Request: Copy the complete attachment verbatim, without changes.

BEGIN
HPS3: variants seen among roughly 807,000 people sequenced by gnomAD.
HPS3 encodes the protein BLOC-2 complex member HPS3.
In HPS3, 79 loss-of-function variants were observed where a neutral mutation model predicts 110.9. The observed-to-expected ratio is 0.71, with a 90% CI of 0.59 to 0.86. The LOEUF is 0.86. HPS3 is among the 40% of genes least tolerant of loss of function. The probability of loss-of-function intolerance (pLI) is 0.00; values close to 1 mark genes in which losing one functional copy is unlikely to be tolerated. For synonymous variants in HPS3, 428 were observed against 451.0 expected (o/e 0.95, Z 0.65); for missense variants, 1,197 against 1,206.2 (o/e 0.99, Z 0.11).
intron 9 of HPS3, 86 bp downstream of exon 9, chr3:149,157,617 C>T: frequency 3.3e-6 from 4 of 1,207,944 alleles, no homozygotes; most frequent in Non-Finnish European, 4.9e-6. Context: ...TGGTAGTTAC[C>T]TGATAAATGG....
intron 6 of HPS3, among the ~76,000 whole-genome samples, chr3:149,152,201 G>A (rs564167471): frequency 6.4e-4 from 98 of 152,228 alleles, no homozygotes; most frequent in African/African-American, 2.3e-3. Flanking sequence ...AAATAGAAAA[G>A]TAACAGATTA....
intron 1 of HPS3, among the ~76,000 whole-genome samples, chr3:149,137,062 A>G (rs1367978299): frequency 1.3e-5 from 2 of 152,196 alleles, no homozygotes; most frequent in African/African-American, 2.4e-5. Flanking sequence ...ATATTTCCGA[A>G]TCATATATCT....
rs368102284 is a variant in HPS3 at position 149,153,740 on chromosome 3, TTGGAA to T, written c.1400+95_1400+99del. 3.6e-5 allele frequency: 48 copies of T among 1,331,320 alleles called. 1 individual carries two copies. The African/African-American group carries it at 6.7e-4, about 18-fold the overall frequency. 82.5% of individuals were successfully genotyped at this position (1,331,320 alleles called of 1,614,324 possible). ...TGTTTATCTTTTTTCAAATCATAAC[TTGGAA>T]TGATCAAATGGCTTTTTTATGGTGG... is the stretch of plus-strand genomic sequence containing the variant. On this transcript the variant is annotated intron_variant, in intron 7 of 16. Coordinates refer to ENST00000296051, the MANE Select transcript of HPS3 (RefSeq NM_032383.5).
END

HPS3: variants seen among roughly 807,000 people sequenced by gnomAD.
HPS3 encodes the protein BLOC-2 complex member HPS3.
In HPS3, 79 loss-of-function variants were observed where a neutral mutation model predicts 110.9. The observed-to-expected ratio is 0.71, with a 90% CI of 0.59 to 0.86. The LOEUF is 0.86. HPS3 is among the 40% of genes least tolerant of loss of function. The probability of loss-of-function intolerance (pLI) is 0.00; values close to 1 mark genes in which losing one functional copy is unlikely to be tolerated. For synonymous variants in HPS3, 428 were observed against 451.0 expected (o/e 0.95, Z 0.65); for missense variants, 1,197 against 1,206.2 (o/e 0.99, Z 0.11).
intron 9 of HPS3, 86 bp downstream of exon 9, chr3:149,157,617 C>T: frequency 3.3e-6 from 4 of 1,207,944 alleles, no homozygotes; most frequent in Non-Finnish European, 4.9e-6. Context: ...TGGTAGTTAC[C>T]TGATAAATGG....
intron 6 of HPS3, among the ~76,000 whole-genome samples, chr3:149,152,201 G>A (rs564167471): frequency 6.4e-4 from 98 of 152,228 alleles, no homozygotes; most frequent in African/African-American, 2.3e-3. Flanking sequence ...AAATAGAAAA[G>A]TAACAGATTA....
intron 1 of HPS3, among the ~76,000 whole-genome samples, chr3:149,137,062 A>G (rs1367978299): frequency 1.3e-5 from 2 of 152,196 alleles, no homozygotes; most frequent in African/African-American, 2.4e-5. Flanking sequence ...ATATTTCCGA[A>G]TCATATATCT....
rs368102284 is a variant in HPS3 at position 149,153,740 on chromosome 3, TTGGAA to T, written c.1400+95_1400+99del. 3.6e-5 allele frequency: 48 copies of T among 1,331,320 alleles called. 1 individual carries two copies. The African/African-American group carries it at 6.7e-4, about 18-fold the overall frequency. 82.5% of individuals were successfully genotyped at this position (1,331,320 alleles called of 1,614,324 possible). ...TGTTTATCTTTTTTCAAATCATAAC[TTGGAA>T]TGATCAAATGGCTTTTTTATGGTGG... is the stretch of plus-strand genomic sequence containing the variant. On this transcript the variant is annotated intron_variant, in intron 7 of 16. Coordinates refer to ENST00000296051, the MANE Select transcript of HPS3 (RefSeq NM_032383.5).